Murmur. Ah so happy so happy 

-------
Feb. 11th 1928

Ah spirit of light that has
guided you right
be though of good cheer
knowing we are here
sending rays of light
Around you day and night
ah though spirits we arte
to be attuned with the great divine
spirit until we shall rise above

all the trying and grey condirations. Each day may we ask guidance for that day. When the day is done give thanks for something good that has been done.

Knowing that God is lone power and strength sufficient for all needs. For all times and places. giving thanks at the end of the day

call all the wise spirits that you can each day at your command. Then soar in heights unknown until you are healed in mind soul and spirit heading back to earth that you have received in the silence when you ask and then receive, give thanks. Ah, though great divine spirit and loved ones that come close to me I give thank for the prayer that you answered when I said save my boy, the loved one of earth now in spirit. Who am I, so small, that

you heard the call and answered. Again I bow my head in thanks trying and believing that I will see that. I remain good and true always guided by truth love and have faith in thee.

Georgie

-------
march 12th 1928 

a letter from Frank was shown to me this morning. This is what it appeared to me. 
[cue Halloween music]

Dear Ma

I am alright and happy. Think of me just away doing well and that you will hear from time to time from me. Always thinking of home and love for all, hoping you will be as happy as you can be feeling in the space and time on rejoicing that I have gained a new place; not a stranger in a strange land but many faces. I see that seem to know me. And they lead me and guide me, with the thought always before me that I will be able to come into the home and you will know. And then I can help you. So don’t think it was a great sorrow that you have to dwell in but a great gain for you and me. Listen, Ma Dear the best place yep. Keep on thinking that yes, I see you. I went with you to see his mother. Keep on. Don’t turn to the right or left. Keep straight ahead. They would harm shall stand just where they are. Yes, poor Pa, I see him. I know when he thinks about me. I will (----) again like Clousy [Clowes] from Florida. Cecil heard me. Ernest thinks about me. I with he was happy now. He will soon be working. Better days are showing ahead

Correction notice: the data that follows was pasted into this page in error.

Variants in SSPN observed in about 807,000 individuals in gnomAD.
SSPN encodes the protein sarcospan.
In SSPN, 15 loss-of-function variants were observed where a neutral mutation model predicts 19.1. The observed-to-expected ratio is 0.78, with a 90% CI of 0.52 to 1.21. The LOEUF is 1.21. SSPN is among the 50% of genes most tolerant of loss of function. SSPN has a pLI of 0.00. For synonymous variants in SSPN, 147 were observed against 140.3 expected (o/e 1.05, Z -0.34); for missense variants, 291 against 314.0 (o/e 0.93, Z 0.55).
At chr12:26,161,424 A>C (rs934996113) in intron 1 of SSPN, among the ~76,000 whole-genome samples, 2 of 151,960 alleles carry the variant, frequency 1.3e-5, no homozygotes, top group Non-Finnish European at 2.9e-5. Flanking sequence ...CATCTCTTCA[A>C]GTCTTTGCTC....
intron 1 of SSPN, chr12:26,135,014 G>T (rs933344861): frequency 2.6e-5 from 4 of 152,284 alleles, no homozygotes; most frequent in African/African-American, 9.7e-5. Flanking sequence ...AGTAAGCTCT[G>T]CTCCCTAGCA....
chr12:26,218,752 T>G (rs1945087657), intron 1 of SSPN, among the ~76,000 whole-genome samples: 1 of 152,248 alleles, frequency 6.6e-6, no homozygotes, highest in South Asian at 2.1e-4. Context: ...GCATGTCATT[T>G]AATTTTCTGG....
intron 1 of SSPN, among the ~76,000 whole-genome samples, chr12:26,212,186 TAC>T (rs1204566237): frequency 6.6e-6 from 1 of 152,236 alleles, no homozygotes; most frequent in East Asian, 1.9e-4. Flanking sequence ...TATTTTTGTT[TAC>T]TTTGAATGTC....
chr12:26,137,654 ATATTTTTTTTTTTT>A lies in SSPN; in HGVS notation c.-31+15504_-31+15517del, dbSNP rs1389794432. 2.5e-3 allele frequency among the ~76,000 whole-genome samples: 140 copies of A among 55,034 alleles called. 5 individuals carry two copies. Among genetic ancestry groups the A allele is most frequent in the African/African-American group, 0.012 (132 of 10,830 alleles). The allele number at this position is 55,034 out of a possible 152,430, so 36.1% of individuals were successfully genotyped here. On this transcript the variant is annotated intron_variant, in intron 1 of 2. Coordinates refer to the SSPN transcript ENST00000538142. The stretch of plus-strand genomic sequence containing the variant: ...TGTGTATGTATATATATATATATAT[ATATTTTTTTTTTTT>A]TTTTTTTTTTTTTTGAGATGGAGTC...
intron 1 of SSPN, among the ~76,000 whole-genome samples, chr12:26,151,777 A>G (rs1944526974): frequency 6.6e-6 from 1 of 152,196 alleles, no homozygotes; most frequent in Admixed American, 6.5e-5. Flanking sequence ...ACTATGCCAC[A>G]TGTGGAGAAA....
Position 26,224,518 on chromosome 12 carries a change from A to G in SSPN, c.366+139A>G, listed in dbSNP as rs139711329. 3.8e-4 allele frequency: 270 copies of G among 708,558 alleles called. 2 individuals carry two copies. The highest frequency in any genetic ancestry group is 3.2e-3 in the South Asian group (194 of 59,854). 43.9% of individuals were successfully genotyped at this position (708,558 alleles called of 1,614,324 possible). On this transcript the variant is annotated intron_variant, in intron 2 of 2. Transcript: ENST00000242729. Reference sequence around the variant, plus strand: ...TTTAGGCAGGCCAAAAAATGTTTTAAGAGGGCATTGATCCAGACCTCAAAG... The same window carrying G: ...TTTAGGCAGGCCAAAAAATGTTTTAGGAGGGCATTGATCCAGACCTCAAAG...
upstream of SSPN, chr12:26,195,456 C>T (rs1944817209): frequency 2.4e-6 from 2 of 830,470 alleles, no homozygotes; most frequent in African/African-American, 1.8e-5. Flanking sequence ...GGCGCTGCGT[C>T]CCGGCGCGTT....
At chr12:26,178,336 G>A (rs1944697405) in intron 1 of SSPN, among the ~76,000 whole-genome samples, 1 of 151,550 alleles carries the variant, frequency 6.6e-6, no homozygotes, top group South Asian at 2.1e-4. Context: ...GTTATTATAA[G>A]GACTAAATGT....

love oh love love

Frank

P.S. Bill, Vernie and all of them, I think of them and all the old times. Tell Vernie don’t cry, Vernie everything is all right. Good night.

Frank

-------
March 13th 1928

Dear Ma

No time, no place, just a great big place, always on the move. Always something new. I was glad everyone received my message. All but Clousy. It seems like collecting all your thought on one big whole. I am beginning to know and understand. I am not sorry it all happened as it did. It seemed like floating. Now I know. Don’t be sorry for anything. Just listen and I will be around. I wouldn’t want to be back in the old way. But glad I know that I can come into the home. The circle will never be broken. I am and will be one of you. That will be seen later. Of all the wonders that I passed through sometimes it seemed like being on a great wave that was always on the move. There came times when I could see through. Sometimes I would see you all--Sad- And I wished you could see it as it was, not with doubts and downcast. You heared me saying, Of course not. I could vibrate that and thought if I could of that I would be able to get something more through. I have heard ringing. something like this: The winds and waves, they shall all obey thy will. Peace. Be still. It sounded great. Something like the radio. There is a great wave that will wash over you. Then all old things will be washed away. Everything will be new. Remember I am alright. Just keep on to the end of the way. I will come nearly every day. Will go with you someday. I have no fear. Good ahead.

Love, Ah love

Frank

From out of the Silent throng 

-------
March 14th 1928 

Dear Mother

I come on the wave of the morning. You know I am not so far away. We don’t stand still. I haven’t got so very far but what I have learned is very clear and I am happy expecting something to be shown to me. I sense that I will see clearer and be able to get just a little farther. I was weary and my feet and legs bothered me so much that sometimes I go through again, but have been placed in the healing power class. I wonder sometimes how you learned it of knowing those things. There was no beginning you just tuned in. And I am going to find out a lot and tell you. Sometimes it’s light and sometimes clouded and shaky, but no grief. Know I think of you all, then I look and wonder, but will soon be so I will get it clear; the soldiers on the fields and the great white Pope that walked beside. You will get well and stand before the people as you have been told you would. I have a lot to work out yet but am happy you know. Yes love oh love

Frank

from a land that knows no sorrow

-------
Now, how 'bout THAT? I love it for how close it brings me to her. I can feel her pain right in the pit of my stomach. The poor woman, though, managed to calm herself this way, and at the same time, give us an extremely personal peek into her heart. It's so touching. 

I videotaped the visit with Jackie, and took some photos, but can't take time to look for them right now, as they weren't digital. Will post along with the diary when I get to it.